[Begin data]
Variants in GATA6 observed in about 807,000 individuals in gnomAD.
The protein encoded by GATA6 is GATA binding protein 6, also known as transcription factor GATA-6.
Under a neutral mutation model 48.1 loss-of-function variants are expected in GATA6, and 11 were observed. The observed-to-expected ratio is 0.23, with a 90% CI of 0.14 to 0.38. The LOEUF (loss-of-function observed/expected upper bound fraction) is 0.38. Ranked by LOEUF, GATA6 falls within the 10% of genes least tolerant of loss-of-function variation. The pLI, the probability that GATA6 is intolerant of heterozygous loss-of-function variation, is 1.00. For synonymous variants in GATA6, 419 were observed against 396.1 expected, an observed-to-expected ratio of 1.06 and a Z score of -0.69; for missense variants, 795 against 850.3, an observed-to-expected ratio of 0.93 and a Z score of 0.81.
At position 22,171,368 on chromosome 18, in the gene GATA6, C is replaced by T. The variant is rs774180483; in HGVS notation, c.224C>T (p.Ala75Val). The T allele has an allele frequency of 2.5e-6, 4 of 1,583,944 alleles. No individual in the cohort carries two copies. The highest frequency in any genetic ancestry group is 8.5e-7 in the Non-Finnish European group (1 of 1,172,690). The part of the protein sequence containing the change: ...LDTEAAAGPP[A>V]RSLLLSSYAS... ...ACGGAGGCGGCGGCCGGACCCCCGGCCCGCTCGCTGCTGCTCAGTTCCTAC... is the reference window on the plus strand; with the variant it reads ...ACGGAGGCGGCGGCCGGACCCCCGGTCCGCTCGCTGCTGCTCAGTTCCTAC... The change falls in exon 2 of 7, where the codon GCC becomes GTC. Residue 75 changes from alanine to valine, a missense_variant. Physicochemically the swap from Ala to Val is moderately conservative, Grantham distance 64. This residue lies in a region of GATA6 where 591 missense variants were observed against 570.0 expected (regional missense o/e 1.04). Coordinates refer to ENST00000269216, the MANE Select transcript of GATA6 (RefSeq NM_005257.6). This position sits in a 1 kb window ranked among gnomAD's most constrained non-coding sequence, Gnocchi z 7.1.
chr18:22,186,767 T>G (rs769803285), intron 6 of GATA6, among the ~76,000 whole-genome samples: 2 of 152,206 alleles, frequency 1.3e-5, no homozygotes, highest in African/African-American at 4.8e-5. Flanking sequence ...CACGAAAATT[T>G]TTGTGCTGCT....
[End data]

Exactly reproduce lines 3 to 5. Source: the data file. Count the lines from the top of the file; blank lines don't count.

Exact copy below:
Under a neutral mutation model 48.1 loss-of-function variants are expected in GATA6, and 11 were observed. The observed-to-expected ratio is 0.23, with a 90% CI of 0.14 to 0.38. The LOEUF (loss-of-function observed/expected upper bound fraction) is 0.38. Ranked by LOEUF, GATA6 falls within the 10% of genes least tolerant of loss-of-function variation. The pLI, the probability that GATA6 is intolerant of heterozygous loss-of-function variation, is 1.00. For synonymous variants in GATA6, 419 were observed against 396.1 expected, an observed-to-expected ratio of 1.06 and a Z score of -0.69; for missense variants, 795 against 850.3, an observed-to-expected ratio of 0.93 and a Z score of 0.81.
At position 22,171,368 on chromosome 18, in the gene GATA6, C is replaced by T. The variant is rs774180483; in HGVS notation, c.224C>T (p.Ala75Val). The T allele has an allele frequency of 2.5e-6, 4 of 1,583,944 alleles. No individual in the cohort carries two copies. The highest frequency in any genetic ancestry group is 8.5e-7 in the Non-Finnish European group (1 of 1,172,690). The part of the protein sequence containing the change: ...LDTEAAAGPP[A>V]RSLLLSSYAS... ...ACGGAGGCGGCGGCCGGACCCCCGGCCCGCTCGCTGCTGCTCAGTTCCTAC... is the reference window on the plus strand; with the variant it reads ...ACGGAGGCGGCGGCCGGACCCCCGGTCCGCTCGCTGCTGCTCAGTTCCTAC... The change falls in exon 2 of 7, where the codon GCC becomes GTC. Residue 75 changes from alanine to valine, a missense_variant. Physicochemically the swap from Ala to Val is moderately conservative, Grantham distance 64. This residue lies in a region of GATA6 where 591 missense variants were observed against 570.0 expected (regional missense o/e 1.04). Coordinates refer to ENST00000269216, the MANE Select transcript of GATA6 (RefSeq NM_005257.6). This position sits in a 1 kb window ranked among gnomAD's most constrained non-coding sequence, Gnocchi z 7.1.
chr18:22,186,767 T>G (rs769803285), intron 6 of GATA6, among the ~76,000 whole-genome samples: 2 of 152,206 alleles, frequency 1.3e-5, no homozygotes, highest in African/African-American at 4.8e-5. Flanking sequence ...CACGAAAATT[T>G]TTGTGCTGCT....